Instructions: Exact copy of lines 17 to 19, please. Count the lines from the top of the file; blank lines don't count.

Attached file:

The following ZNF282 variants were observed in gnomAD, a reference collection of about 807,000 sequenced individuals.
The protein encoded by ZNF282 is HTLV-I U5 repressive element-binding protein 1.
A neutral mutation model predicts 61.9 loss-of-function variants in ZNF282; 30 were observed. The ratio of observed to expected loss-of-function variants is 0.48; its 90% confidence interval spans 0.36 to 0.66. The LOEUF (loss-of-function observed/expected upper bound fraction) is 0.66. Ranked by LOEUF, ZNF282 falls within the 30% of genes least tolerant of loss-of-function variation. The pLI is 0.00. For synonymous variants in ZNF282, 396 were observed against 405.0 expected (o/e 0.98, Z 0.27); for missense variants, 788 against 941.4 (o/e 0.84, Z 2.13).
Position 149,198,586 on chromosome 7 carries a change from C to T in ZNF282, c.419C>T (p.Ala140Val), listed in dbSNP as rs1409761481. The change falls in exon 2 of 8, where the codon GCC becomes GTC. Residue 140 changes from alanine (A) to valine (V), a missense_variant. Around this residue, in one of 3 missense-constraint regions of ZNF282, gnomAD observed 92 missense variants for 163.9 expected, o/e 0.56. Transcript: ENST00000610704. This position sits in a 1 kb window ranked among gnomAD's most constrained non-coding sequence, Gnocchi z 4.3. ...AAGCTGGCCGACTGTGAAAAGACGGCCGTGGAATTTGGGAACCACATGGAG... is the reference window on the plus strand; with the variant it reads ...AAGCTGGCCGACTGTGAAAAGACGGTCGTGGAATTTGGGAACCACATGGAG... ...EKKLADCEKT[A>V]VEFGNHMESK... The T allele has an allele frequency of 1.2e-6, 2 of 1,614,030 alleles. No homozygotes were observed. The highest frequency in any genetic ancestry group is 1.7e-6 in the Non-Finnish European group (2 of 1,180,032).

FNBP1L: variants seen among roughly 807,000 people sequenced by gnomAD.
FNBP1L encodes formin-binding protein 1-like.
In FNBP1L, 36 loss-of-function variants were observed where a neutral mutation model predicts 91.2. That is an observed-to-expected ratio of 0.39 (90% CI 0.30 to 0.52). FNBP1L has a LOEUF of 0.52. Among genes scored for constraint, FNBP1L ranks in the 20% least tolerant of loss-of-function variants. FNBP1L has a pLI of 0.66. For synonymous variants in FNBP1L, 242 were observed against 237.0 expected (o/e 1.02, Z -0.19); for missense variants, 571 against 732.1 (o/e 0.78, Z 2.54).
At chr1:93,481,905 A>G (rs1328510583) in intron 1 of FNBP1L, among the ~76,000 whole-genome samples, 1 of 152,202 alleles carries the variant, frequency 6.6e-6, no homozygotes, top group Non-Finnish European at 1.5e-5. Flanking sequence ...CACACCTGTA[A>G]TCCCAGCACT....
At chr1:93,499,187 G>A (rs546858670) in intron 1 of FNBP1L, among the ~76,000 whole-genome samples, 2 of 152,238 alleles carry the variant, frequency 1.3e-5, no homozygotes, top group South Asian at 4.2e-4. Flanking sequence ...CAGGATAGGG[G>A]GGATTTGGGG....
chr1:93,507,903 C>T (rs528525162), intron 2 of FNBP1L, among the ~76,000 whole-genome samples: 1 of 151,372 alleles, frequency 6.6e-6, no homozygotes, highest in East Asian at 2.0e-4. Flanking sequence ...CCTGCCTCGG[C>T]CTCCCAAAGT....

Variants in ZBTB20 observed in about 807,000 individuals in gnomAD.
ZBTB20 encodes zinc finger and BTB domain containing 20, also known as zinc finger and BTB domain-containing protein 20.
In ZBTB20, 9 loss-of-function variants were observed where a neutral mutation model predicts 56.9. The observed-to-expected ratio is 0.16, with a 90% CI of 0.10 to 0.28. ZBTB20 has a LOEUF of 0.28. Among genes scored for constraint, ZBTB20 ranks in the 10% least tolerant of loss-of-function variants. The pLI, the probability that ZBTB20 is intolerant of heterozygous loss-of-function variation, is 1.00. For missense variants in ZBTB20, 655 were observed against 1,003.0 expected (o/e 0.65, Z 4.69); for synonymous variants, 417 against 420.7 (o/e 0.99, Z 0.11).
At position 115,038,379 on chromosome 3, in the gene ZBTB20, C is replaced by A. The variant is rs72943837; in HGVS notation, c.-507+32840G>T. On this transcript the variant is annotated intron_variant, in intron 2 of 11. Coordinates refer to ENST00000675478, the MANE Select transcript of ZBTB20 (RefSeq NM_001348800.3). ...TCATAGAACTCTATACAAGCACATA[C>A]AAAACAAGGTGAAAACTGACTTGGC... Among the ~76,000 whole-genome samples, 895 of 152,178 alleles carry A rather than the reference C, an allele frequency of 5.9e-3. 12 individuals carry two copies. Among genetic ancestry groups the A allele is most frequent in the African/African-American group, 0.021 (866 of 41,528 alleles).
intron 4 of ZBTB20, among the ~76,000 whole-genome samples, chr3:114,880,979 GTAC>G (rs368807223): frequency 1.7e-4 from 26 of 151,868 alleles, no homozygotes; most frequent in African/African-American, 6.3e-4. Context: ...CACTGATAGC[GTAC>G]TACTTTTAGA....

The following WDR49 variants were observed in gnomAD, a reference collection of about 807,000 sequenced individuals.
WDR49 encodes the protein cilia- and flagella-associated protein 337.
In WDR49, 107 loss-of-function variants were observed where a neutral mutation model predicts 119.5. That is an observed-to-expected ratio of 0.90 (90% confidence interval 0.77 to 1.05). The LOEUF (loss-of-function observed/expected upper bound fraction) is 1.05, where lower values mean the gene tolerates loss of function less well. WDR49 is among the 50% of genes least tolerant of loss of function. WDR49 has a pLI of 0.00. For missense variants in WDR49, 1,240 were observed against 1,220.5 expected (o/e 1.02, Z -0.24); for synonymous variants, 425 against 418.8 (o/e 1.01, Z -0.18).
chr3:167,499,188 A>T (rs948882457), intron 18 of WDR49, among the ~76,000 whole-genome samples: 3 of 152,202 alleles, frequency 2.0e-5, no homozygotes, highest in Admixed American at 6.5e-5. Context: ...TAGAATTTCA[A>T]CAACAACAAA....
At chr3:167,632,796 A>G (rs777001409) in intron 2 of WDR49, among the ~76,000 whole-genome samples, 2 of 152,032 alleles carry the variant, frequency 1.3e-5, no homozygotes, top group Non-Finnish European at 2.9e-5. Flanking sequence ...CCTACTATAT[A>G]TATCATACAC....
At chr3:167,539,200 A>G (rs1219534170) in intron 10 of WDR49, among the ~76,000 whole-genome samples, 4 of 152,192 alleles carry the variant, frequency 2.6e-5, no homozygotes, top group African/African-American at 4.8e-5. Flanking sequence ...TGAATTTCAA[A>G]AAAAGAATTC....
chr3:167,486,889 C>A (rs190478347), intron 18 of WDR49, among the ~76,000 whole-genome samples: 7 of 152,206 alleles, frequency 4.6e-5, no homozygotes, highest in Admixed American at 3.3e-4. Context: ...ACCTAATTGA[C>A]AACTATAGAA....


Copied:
WDR49 encodes the protein cilia- and flagella-associated protein 337.
In WDR49, 107 loss-of-function variants were observed where a neutral mutation model predicts 119.5. That is an observed-to-expected ratio of 0.90 (90% confidence interval 0.77 to 1.05). The LOEUF (loss-of-function observed/expected upper bound fraction) is 1.05, where lower values mean the gene tolerates loss of function less well. WDR49 is among the 50% of genes least tolerant of loss of function. WDR49 has a pLI of 0.00. For missense variants in WDR49, 1,240 were observed against 1,220.5 expected (o/e 1.02, Z -0.24); for synonymous variants, 425 against 418.8 (o/e 1.01, Z -0.18).
chr3:167,499,188 A>T (rs948882457), intron 18 of WDR49, among the ~76,000 whole-genome samples: 3 of 152,202 alleles, frequency 2.0e-5, no homozygotes, highest in Admixed American at 6.5e-5. Context: ...TAGAATTTCA[A>T]CAACAACAAA....